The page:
by Cheryl Moreo
Yes, I know Random Acts of Kindness Week was in February. But, the world is in such turmoil with COVID, shootings, elections, and explosions. I thought this might be a good time to do more random acts of kindness. What do you think?
You have probably been the recipient of a random act of kindness in your lifetime. Think back to an instance when someone saw you were having difficulty and helped you out of a tough situation or when a friend simply paid you a compliment out of the blue. A sweet surprise like this can really make a difference. Did you also know such experiences can also be good for your health and overall well-being? It ís true. A random act of kindness can be a good deed, a caring word, a selfless act, or a small gift. Even a smile can brighten someone’s day. Take a look at some of the benefits of acts of kindness.
Before we get into the meat of this series, I would like to share a post by Dr. Eugene K. Choi entitled, “[COVID-19] One Important Recommendation You May Not be Hearing.”
When the recipient of your act is less fortunate than you or in a tight spot, you may feel grateful for your blessings. When you realize you can give even the smallest bit of yourself to someone else, it shines perspective on the abundance you have in your life.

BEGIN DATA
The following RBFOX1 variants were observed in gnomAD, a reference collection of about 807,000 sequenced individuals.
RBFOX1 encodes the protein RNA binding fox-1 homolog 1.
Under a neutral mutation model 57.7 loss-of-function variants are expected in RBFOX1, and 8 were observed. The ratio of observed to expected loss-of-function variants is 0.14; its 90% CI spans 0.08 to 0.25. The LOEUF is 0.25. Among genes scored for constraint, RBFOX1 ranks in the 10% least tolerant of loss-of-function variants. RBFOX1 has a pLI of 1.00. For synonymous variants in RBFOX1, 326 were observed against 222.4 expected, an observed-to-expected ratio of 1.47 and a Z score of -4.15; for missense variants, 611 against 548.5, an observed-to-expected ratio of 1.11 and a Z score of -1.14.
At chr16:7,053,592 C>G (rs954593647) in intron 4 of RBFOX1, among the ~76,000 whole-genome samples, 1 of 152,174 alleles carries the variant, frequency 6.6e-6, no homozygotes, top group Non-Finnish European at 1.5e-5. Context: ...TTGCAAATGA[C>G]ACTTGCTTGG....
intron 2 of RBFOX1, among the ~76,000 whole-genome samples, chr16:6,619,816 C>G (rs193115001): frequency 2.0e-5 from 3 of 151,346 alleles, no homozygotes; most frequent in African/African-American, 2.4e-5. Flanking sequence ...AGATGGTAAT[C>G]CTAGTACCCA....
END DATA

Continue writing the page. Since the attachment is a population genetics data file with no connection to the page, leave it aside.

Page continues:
Stepping out of ourselves and focusing on someone else is another excellent way to gain a renewed perspective. Plus, doing good makes you feel better. It releases feel-good hormones and increases your happiness. Suddenly, your troubles may seem a bit less burdensome.
Numerous studies show a positive effect on mood when people engage in random acts of kindness. You are bound to feel better about life in general when you do good deeds. Improved mood, less anxiety, and higher energy levels can be the result of performing acts of kindness. Research shows that the pleasure and reward centers of the brain light up in those who perform these random acts of kindness. It even has a name, and that ís “helper’s high.”
You might even feel physically better when you practice kindness. It has been proven that endorphins are released in the brain after doing something for someone else. Endorphins are hormones produced in the brain and nervous system. They are often referred to as natural painkillers for their pain-reducing abilities.
Results in Better Relationships
Yes, acts of kindness matter.
When you do something for another person, they will naturally recall that act with fondness. Random acts of kindness promote good feelings among people and increase connections. These bonds can lead to better relationships and lasting positive interpersonal results.
These are merely a handful of the rewards that come from doing random acts of kindness. Remember, it doesn’t matter how small the gesture. Doing good always makes a positive difference to both the giver and the recipient.
To get you started, here is a calendar from Random Acts of Kindness.org.